Most modern web browsers use a lock icon to let you know if you’re visiting a site that that uses HTTPS for secure connections or not. But Google says in recent years HTTPS has become the rule rather than the exception… and that even phishing sites use HTTPS these days.

In other words, the lock icon doesn’t indicate that a site is safe. It just indicates that it’s using HTTPS. So Google has announced plans to retire the lock icon and replace it with a new icon that doesn’t imply safety.

Later this year the Chrome web browser will begin showing a “tune” icon rather than a lock. Google says it doesn’t imply that a site is trustworthy, and it also makes it more clear to users that they can click the icon to view more information and adjust settings, since it looks more like a typical settings app.

That last point isn’t exactly new: you can already click on the lock icon to view a pop-up window that shows more information about a site, as well as options to adjust how your browser handles third-party cookies and site data, among other things. But Google suggests that many users don’t know that since the lock icon doesn’t look much like a typical menu button.

Google says it will roll out the new icon with Chrome 117, which is set to launch in September, 2023. But folks running beta, dev, or canary channel builds of Chrome may be able to see it sooner. In fact, an early version of the new icon is already available to users running Chrome Canary builds, although you’ll need to enable it via the chrome://flags#chrome-refresh-2023 flag.

The company says the new icon will be coming to desktop versions of the Chrome browser as well as the Android version. But since the lock icon was never clickable in the iOS version of Chrome, Google will remove it altogether.

When you visit sites that aren’t using HTTPS connections, Chrome will continue to mark them as insecure.

via Google

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  1. Another bone-head move. Best of luck in re-training all the senior citizens who now know where to look for the lock icon to confirm that the site is secure. This icon was part of many web awareness campaigns run by banks and government institutions in India to educate the public. Now all that effort will be lost and people will fall victim to more and more phishing scams.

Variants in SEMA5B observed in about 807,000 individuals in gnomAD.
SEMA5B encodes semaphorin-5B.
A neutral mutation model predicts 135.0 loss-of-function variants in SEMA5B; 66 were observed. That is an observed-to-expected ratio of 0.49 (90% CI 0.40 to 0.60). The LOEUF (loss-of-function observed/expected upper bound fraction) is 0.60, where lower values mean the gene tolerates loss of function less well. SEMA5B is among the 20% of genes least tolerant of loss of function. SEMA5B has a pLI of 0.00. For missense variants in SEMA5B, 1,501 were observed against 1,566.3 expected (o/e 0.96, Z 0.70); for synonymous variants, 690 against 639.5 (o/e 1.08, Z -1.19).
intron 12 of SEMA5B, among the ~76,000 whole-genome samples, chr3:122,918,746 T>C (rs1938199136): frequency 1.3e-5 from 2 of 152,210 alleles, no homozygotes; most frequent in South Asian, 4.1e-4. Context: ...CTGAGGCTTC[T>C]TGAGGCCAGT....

2. Well, this means I’m going to be getting lots of calls from seniors wondering where the lock on their bank went. This is a dumb decision, don’t train users in security measures you’re gonna take away.

    1. That’s true. Also, considering Chrome hides the HTTP/HTTPS in the address bar, people now need to click into the address bar to reveal the full address in order to confirm HTTPS.

  3. I’ve always hoped that Chrome would a custom code feature in there, to allow users to add per-website custom CSS and Javascript.

    As a colourblind person, I use a Chrome plugin to add per-website CSS code to redesign things that are impossible for me to see properly.

    I also add some custom Javascript to some online web tools that I use for work to make my life easier. Like I recode some links to open in new tabs by default, or sometimes I add extra data.

    For example, an online form that I submit lots of data through does a poor job at validating data, so I have an extra script I run in my browser to validate data properly (remove spaces, illegal characters, etc).

    You can currently accomplish this in the Chrome Dev Tools menu, but it’s pretty complex, and I can’t easily share these solutions with colleagues. Would be cool to see features like that in the per-website settings menu. Even if you had to unlock it through Chrome dev-tools or something.

  4. I’m sure this will be met with no one really caring one way or another (nor should they), but when Firefox inevitably does the same thing people will be whining that the sky is (still) falling and userchrome.css broke again.